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We met with 19-year-old student and sustainable shopper Lucia Prince on ‘The World of Denim’, the innovative sustainable project that caught the eye of shoppers on Douglas high street. Denim has a interesting heritage, but today is one of the most environmentally damaging areas in the fashion industry. That's why for Lucia, recycling unwanted denim for this project had exciting potential. 

For her final project at the University College of Man, Art and Design extended diploma, Lucia recycled dozens of pairs of jeans and created three forward-thinking innovative pieces.

Lucia's Recycled Denim Dress

The majority of the denim was donated by the Hospice, who gave Lucia two large bin bags of denim that was torn or worn material and therefore, unfortunately, unsellable. A third large bin bag came from friends and family.

Donated Denim Jeans on the floor waiting to be used in the pieces

When Lucia decided to work with denim, reusing fabric, sustainability was at the front of her mind.

“Denim is the most common thing you can find in the charity shops, I wanted to combat the issue of material waste throughout my project as a surplus of denim presented a huge problem in the fashion industry”.

According to Make Fashion Better 1, “The denim industry is notorious for its extremely high water usage, energy consumption, and chemical pollution.”

Did you know that over 3,780 litres of water are used to produce just one single pair of 501 Levi Jeans? This includes water to grow the cotton (92% of the water) and the water required to process the fabric (remaining 8%). Organic cotton requires less water because it is sustained by rainwater, compared to irrigation systems. -Make Fashion Better

Around 33.4kg of CO2 is released through a jean lifetime. Of those, 16.2kg CO2 is estimated by Levi's to be manufacturing emissions. 1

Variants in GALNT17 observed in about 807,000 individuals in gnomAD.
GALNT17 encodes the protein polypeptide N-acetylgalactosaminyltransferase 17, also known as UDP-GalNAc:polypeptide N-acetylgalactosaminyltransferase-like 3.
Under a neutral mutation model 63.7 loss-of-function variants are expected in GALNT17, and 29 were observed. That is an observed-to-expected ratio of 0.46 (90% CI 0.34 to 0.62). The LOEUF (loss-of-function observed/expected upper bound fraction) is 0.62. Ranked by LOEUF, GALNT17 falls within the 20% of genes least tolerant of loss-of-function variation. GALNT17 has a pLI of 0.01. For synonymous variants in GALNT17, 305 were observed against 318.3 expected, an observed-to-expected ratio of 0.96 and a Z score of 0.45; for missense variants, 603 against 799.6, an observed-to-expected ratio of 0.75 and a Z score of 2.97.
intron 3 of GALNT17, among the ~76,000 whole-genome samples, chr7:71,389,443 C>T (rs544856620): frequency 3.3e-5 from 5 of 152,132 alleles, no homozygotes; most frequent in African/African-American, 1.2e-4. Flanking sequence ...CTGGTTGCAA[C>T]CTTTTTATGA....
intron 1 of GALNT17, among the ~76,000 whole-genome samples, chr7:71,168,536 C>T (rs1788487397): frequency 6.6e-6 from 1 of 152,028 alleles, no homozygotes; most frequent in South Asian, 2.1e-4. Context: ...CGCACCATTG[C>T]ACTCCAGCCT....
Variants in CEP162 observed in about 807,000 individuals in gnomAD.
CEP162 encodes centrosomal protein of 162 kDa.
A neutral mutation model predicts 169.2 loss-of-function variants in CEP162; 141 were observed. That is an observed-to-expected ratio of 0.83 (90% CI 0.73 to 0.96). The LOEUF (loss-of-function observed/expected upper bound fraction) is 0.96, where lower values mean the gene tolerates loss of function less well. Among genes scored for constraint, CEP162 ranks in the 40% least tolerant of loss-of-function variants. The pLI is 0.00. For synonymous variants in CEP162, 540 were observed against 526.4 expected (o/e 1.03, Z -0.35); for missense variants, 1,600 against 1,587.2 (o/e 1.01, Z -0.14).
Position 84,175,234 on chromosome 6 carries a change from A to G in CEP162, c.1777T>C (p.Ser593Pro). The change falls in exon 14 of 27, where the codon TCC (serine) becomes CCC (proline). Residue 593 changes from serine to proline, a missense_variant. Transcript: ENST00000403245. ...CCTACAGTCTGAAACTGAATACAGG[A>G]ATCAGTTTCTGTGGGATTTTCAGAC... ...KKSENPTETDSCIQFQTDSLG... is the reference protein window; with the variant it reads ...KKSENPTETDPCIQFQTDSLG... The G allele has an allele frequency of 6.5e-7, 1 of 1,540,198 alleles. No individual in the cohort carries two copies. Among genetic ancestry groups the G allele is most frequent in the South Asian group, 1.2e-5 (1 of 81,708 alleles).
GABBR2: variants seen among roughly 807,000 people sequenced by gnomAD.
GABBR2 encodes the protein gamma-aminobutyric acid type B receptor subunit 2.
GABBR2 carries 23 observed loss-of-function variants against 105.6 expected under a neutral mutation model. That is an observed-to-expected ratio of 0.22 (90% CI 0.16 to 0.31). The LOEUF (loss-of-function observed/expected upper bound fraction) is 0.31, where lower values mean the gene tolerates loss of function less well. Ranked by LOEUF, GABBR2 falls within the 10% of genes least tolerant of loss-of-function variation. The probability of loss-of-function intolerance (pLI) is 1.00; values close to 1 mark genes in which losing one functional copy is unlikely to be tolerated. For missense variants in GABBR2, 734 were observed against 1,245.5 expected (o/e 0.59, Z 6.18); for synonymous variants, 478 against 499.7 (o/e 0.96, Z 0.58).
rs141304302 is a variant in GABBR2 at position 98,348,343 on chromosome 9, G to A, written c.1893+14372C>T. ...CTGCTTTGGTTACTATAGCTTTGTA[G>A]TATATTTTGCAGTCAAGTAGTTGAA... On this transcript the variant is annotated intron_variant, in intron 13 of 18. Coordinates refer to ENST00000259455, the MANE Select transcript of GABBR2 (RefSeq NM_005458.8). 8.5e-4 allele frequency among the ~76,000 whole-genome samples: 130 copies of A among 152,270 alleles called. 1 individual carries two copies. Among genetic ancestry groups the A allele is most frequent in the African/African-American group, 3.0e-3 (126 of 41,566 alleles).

Oxfam report that emissions produced by manufacturing jeans are comparable to flying a plane around the globe 2,372 times or a petrol car travelling more than 21 billion miles. 1

Not only this, but denim production involves harmful chemicals such as pesticides, fertilizers, dyes and finishing ages that harm the environment. On the flip side, denim as a material is hardwearing and long-lasting, it rarely needs washing and even brands like Levi state good denim can last 6 months without a wash.

Second-hand denim however, is the best way to protect the environment, and repurposing the denim like Lucia has, brings new life to a once unusable product.

Using her industrial sewing machine, the project took Lucia three weeks to complete, focusing on one dress per week. Lucia began with experimenting, painting on the material and experimenting with different styles. The result? Three original and contemporary dresses.

The back of Lucia ruffle jean dress.

Lucia founded a relationship with Hospice Isle of Man through the help of her tutor, Billie and led to a display of her project in the flagship shop window for a week.

“I formed connections and a partnership with the local Hospice charity. They supplied me with bag loads of denim in return for my final results to be presented in the shop window”.

Hospice Shop Window displaying Lucia jean dresses

“Overall my total cost of production was £0, this was a huge achievement as it reflects my project's environmental aims”.

Girl modelling the denim belt dress

In her personal life, Lucia is a savvy shopper, shopping in charity shops first, and online second-hand shops such as Vinted, where Lucia buys and sells as a side job. Lucia made £250 in 2 weeks, selling clothes and giving them a second chance at life.

For the next four years, Lucia will be at Bath Spa University where she is doing a fashion design course with a year on placement. Taking inspiration from her university location, Lucia has spent the summer working on a period dress, recycling old curtains and repurposing them into an iconic piece.



Make Denim Better


  • Sustainability
  • Denim
  • Second hand